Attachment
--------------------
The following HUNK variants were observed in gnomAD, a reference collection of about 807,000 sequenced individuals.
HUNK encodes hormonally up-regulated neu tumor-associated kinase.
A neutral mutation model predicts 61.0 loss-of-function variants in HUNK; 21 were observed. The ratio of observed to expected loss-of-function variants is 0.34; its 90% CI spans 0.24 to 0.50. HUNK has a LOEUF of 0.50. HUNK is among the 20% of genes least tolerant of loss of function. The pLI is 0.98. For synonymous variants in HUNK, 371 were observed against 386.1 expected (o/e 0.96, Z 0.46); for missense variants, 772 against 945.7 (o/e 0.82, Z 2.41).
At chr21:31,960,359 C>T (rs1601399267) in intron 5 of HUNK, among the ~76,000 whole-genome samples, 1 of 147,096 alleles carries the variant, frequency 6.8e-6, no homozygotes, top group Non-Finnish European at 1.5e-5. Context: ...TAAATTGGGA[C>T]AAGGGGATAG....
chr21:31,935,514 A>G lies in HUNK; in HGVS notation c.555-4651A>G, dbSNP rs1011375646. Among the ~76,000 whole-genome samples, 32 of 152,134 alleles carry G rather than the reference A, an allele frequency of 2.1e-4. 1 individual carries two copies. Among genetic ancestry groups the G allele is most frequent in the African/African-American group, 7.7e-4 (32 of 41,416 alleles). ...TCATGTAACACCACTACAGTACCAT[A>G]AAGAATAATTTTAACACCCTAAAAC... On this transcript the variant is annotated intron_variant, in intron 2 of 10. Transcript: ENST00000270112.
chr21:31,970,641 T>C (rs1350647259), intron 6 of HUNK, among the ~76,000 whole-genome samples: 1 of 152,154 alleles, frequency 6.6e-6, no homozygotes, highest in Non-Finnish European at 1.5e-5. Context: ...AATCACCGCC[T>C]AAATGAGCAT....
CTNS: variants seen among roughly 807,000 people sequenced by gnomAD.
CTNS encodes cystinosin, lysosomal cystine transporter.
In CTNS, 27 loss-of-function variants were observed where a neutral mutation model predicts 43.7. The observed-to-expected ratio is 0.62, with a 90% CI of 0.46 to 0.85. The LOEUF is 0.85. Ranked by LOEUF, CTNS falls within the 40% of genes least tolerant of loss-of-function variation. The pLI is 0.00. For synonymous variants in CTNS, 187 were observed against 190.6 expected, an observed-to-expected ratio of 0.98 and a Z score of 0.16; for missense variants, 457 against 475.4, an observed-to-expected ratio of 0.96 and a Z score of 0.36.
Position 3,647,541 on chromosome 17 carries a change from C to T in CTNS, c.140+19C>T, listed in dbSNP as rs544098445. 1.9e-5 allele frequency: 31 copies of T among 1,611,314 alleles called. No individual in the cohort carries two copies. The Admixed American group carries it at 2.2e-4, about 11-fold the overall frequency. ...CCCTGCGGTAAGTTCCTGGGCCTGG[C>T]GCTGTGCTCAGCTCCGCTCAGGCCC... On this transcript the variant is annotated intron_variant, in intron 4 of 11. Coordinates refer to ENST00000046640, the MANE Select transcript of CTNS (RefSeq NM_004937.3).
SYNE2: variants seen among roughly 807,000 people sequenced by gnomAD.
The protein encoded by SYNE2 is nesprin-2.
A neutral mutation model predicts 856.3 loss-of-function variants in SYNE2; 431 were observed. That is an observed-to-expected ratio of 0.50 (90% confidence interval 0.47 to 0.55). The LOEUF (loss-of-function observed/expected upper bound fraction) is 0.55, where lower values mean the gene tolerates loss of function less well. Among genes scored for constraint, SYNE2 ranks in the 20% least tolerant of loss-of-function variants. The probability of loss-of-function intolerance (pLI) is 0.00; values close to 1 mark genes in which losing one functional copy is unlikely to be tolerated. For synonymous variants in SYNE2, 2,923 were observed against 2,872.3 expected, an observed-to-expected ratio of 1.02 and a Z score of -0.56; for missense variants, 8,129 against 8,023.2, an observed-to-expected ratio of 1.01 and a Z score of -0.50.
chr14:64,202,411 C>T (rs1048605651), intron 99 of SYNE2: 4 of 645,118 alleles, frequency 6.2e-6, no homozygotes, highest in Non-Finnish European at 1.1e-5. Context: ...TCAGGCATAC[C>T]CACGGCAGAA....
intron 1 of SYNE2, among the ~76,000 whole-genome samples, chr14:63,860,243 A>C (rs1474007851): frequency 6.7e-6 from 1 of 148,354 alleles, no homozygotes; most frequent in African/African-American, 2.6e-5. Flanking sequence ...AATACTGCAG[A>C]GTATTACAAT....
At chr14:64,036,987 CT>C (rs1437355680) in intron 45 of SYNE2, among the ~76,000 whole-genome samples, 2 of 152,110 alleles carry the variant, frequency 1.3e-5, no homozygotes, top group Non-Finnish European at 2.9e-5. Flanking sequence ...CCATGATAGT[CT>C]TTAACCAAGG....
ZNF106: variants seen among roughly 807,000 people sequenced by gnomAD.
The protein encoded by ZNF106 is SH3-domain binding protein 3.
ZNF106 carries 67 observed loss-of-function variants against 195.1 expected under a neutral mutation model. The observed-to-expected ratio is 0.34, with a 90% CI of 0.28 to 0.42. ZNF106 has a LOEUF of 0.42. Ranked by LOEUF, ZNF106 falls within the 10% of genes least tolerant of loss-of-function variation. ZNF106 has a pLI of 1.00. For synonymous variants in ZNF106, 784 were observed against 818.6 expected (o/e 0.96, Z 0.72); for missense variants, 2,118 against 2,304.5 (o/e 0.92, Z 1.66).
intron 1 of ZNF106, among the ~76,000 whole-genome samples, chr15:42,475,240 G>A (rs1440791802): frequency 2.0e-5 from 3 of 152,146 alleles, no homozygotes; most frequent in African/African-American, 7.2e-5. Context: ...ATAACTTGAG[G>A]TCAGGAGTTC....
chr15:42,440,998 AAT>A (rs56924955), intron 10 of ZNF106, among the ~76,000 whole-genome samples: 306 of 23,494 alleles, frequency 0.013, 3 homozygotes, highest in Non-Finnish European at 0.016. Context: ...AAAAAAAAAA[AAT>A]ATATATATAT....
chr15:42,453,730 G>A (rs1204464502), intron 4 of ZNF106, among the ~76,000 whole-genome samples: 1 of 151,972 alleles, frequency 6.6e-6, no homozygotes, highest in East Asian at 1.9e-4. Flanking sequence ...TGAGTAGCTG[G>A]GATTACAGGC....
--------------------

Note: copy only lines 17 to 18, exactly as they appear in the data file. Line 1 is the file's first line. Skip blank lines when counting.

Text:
ZNF106: variants seen among roughly 807,000 people sequenced by gnomAD.
The protein encoded by ZNF106 is SH3-domain binding protein 3.